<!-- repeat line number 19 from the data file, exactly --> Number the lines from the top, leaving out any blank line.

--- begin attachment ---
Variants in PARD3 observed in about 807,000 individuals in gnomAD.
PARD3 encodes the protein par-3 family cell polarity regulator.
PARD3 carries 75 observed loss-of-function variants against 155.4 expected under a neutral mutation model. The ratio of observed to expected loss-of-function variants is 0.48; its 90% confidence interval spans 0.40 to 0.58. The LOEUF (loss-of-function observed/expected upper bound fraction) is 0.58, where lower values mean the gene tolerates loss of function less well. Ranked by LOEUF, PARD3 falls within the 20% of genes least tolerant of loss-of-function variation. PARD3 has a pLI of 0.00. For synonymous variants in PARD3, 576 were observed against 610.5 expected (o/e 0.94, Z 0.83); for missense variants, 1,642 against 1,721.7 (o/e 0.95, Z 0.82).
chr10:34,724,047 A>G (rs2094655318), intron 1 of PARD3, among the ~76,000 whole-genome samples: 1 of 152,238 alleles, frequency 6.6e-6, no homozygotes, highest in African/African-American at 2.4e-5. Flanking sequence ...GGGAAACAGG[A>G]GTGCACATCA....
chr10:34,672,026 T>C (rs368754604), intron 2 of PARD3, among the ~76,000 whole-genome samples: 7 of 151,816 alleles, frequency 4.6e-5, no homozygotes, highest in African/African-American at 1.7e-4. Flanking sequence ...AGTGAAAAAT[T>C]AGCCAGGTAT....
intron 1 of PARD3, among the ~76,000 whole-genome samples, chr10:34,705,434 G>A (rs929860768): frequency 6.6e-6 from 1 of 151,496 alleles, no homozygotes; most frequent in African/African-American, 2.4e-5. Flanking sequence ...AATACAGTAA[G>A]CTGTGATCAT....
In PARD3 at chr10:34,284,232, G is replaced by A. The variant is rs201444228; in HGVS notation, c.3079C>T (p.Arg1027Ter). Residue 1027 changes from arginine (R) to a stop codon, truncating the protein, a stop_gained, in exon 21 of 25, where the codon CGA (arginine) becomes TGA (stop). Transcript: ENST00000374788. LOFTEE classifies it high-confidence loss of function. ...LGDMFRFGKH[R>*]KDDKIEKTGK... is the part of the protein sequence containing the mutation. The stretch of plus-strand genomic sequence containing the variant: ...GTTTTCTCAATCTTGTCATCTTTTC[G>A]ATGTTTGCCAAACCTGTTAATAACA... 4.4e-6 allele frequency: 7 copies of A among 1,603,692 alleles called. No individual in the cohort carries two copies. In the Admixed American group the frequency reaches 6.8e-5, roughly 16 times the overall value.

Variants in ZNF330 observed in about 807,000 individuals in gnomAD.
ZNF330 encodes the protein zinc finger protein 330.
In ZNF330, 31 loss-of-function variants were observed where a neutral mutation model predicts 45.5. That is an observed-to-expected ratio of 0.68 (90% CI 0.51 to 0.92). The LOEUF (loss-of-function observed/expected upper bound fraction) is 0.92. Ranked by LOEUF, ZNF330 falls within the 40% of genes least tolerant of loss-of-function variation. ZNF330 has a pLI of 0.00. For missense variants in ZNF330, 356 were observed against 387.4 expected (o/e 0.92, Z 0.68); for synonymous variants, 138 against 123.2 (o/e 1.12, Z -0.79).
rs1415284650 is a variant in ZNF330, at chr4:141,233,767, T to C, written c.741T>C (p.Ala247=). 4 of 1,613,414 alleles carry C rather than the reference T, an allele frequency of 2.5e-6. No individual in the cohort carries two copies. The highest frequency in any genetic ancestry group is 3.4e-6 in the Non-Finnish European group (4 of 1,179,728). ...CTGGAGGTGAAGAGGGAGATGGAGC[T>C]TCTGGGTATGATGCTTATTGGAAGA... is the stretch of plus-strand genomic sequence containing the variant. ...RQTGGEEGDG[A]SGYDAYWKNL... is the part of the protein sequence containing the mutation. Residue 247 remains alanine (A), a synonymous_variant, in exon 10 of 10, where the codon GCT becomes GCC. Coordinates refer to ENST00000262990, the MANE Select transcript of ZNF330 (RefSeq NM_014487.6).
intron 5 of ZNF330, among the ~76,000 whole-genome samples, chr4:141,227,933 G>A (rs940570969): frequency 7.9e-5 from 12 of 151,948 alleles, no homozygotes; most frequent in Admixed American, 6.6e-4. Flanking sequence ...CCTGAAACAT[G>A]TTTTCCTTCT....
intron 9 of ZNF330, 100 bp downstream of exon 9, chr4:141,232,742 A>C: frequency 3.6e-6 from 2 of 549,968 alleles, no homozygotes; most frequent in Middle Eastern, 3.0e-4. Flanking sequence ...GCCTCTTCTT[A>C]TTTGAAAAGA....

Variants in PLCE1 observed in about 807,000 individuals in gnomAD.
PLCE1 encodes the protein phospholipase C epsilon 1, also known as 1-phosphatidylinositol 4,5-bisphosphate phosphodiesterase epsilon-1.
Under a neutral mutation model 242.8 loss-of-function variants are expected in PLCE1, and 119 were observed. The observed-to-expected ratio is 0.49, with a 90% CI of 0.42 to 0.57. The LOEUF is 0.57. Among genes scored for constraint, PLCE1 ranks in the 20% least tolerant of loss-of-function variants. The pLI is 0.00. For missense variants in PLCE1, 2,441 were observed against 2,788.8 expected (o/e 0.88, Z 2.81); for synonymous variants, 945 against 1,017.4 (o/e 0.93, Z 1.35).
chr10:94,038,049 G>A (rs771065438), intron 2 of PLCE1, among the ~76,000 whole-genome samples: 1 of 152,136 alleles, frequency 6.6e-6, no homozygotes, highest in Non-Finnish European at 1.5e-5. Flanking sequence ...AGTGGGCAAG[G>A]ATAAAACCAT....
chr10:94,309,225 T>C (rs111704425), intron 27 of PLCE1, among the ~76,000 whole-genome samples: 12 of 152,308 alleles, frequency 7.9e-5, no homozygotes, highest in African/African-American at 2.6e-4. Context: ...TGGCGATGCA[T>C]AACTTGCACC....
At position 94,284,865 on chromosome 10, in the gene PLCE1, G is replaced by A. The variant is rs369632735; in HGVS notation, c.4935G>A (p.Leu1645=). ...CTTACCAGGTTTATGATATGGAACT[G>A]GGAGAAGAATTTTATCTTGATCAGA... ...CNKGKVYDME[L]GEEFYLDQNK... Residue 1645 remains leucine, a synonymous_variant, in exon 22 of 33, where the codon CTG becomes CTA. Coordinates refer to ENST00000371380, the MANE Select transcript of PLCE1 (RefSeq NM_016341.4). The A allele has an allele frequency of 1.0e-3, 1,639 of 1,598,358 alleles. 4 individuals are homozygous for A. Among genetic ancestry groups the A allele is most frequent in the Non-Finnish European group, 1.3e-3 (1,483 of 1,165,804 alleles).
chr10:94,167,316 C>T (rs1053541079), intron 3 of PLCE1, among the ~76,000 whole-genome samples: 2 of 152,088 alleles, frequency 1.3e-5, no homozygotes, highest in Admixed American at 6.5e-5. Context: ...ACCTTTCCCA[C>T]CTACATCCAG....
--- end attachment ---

At position 94,284,865 on chromosome 10, in the gene PLCE1, G is replaced by A. The variant is rs369632735; in HGVS notation, c.4935G>A (p.Leu1645=). ...CTTACCAGGTTTATGATATGGAACT[G>A]GGAGAAGAATTTTATCTTGATCAGA... ...CNKGKVYDME[L]GEEFYLDQNK... Residue 1645 remains leucine, a synonymous_variant, in exon 22 of 33, where the codon CTG becomes CTA. Coordinates refer to ENST00000371380, the MANE Select transcript of PLCE1 (RefSeq NM_016341.4). The A allele has an allele frequency of 1.0e-3, 1,639 of 1,598,358 alleles. 4 individuals are homozygous for A. Among genetic ancestry groups the A allele is most frequent in the Non-Finnish European group, 1.3e-3 (1,483 of 1,165,804 alleles).